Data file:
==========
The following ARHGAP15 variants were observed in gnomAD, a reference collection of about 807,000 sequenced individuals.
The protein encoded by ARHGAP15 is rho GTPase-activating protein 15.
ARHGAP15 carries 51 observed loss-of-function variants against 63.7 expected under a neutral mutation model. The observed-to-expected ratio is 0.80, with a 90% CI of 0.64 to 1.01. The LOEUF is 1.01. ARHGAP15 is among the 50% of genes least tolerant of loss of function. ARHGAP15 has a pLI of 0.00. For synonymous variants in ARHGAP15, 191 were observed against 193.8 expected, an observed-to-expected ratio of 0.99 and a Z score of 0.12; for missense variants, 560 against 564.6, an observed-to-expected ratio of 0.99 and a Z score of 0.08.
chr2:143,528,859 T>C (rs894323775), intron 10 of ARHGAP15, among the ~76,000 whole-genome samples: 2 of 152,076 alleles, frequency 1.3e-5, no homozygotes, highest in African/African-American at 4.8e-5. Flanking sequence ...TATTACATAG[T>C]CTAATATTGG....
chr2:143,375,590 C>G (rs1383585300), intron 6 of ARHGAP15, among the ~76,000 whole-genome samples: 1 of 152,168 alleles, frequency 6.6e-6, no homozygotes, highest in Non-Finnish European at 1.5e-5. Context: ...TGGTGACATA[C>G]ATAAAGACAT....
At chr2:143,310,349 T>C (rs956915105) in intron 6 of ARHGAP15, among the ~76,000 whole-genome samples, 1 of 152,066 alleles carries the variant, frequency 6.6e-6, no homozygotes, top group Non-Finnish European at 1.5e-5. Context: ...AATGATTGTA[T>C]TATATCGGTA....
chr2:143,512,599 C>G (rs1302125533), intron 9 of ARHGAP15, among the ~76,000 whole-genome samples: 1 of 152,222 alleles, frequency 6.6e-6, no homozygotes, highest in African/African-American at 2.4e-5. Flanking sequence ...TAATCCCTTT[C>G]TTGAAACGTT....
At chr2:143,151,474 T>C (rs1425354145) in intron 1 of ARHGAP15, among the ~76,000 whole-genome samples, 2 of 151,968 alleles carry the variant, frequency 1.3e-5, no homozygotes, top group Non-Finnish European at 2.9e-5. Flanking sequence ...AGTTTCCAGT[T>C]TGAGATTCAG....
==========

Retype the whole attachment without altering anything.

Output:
The following ARHGAP15 variants were observed in gnomAD, a reference collection of about 807,000 sequenced individuals.
The protein encoded by ARHGAP15 is rho GTPase-activating protein 15.
ARHGAP15 carries 51 observed loss-of-function variants against 63.7 expected under a neutral mutation model. The observed-to-expected ratio is 0.80, with a 90% CI of 0.64 to 1.01. The LOEUF is 1.01. ARHGAP15 is among the 50% of genes least tolerant of loss of function. ARHGAP15 has a pLI of 0.00. For synonymous variants in ARHGAP15, 191 were observed against 193.8 expected, an observed-to-expected ratio of 0.99 and a Z score of 0.12; for missense variants, 560 against 564.6, an observed-to-expected ratio of 0.99 and a Z score of 0.08.
chr2:143,528,859 T>C (rs894323775), intron 10 of ARHGAP15, among the ~76,000 whole-genome samples: 2 of 152,076 alleles, frequency 1.3e-5, no homozygotes, highest in African/African-American at 4.8e-5. Flanking sequence ...TATTACATAG[T>C]CTAATATTGG....
chr2:143,375,590 C>G (rs1383585300), intron 6 of ARHGAP15, among the ~76,000 whole-genome samples: 1 of 152,168 alleles, frequency 6.6e-6, no homozygotes, highest in Non-Finnish European at 1.5e-5. Context: ...TGGTGACATA[C>G]ATAAAGACAT....
At chr2:143,310,349 T>C (rs956915105) in intron 6 of ARHGAP15, among the ~76,000 whole-genome samples, 1 of 152,066 alleles carries the variant, frequency 6.6e-6, no homozygotes, top group Non-Finnish European at 1.5e-5. Context: ...AATGATTGTA[T>C]TATATCGGTA....
chr2:143,512,599 C>G (rs1302125533), intron 9 of ARHGAP15, among the ~76,000 whole-genome samples: 1 of 152,222 alleles, frequency 6.6e-6, no homozygotes, highest in African/African-American at 2.4e-5. Flanking sequence ...TAATCCCTTT[C>G]TTGAAACGTT....
At chr2:143,151,474 T>C (rs1425354145) in intron 1 of ARHGAP15, among the ~76,000 whole-genome samples, 2 of 151,968 alleles carry the variant, frequency 1.3e-5, no homozygotes, top group Non-Finnish European at 2.9e-5. Flanking sequence ...AGTTTCCAGT[T>C]TGAGATTCAG....